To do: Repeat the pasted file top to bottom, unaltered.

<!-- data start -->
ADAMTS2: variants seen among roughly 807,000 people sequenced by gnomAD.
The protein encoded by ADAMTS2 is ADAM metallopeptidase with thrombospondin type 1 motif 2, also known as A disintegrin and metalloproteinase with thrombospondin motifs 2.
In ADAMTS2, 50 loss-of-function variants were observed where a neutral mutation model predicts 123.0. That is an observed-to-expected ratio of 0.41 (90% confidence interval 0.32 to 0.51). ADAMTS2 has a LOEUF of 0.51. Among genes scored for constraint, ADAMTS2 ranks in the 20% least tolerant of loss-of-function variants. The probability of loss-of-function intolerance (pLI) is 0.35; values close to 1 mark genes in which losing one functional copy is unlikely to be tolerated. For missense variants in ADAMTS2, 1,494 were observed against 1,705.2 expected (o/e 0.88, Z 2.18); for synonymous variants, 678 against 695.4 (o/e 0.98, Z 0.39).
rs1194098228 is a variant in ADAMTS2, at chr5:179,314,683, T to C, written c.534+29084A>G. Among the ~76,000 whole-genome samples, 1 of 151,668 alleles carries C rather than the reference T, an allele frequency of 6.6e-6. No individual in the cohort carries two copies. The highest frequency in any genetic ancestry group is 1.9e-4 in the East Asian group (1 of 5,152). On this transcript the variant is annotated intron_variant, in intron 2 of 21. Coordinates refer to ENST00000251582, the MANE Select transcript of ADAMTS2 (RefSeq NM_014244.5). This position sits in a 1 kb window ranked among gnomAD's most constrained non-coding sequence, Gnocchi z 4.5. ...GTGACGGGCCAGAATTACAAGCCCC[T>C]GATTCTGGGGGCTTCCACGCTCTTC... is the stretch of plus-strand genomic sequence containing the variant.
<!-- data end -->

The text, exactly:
ADAMTS2: variants seen among roughly 807,000 people sequenced by gnomAD.
The protein encoded by ADAMTS2 is ADAM metallopeptidase with thrombospondin type 1 motif 2, also known as A disintegrin and metalloproteinase with thrombospondin motifs 2.
In ADAMTS2, 50 loss-of-function variants were observed where a neutral mutation model predicts 123.0. That is an observed-to-expected ratio of 0.41 (90% confidence interval 0.32 to 0.51). ADAMTS2 has a LOEUF of 0.51. Among genes scored for constraint, ADAMTS2 ranks in the 20% least tolerant of loss-of-function variants. The probability of loss-of-function intolerance (pLI) is 0.35; values close to 1 mark genes in which losing one functional copy is unlikely to be tolerated. For missense variants in ADAMTS2, 1,494 were observed against 1,705.2 expected (o/e 0.88, Z 2.18); for synonymous variants, 678 against 695.4 (o/e 0.98, Z 0.39).
rs1194098228 is a variant in ADAMTS2, at chr5:179,314,683, T to C, written c.534+29084A>G. Among the ~76,000 whole-genome samples, 1 of 151,668 alleles carries C rather than the reference T, an allele frequency of 6.6e-6. No individual in the cohort carries two copies. The highest frequency in any genetic ancestry group is 1.9e-4 in the East Asian group (1 of 5,152). On this transcript the variant is annotated intron_variant, in intron 2 of 21. Coordinates refer to ENST00000251582, the MANE Select transcript of ADAMTS2 (RefSeq NM_014244.5). This position sits in a 1 kb window ranked among gnomAD's most constrained non-coding sequence, Gnocchi z 4.5. ...GTGACGGGCCAGAATTACAAGCCCC[T>C]GATTCTGGGGGCTTCCACGCTCTTC... is the stretch of plus-strand genomic sequence containing the variant.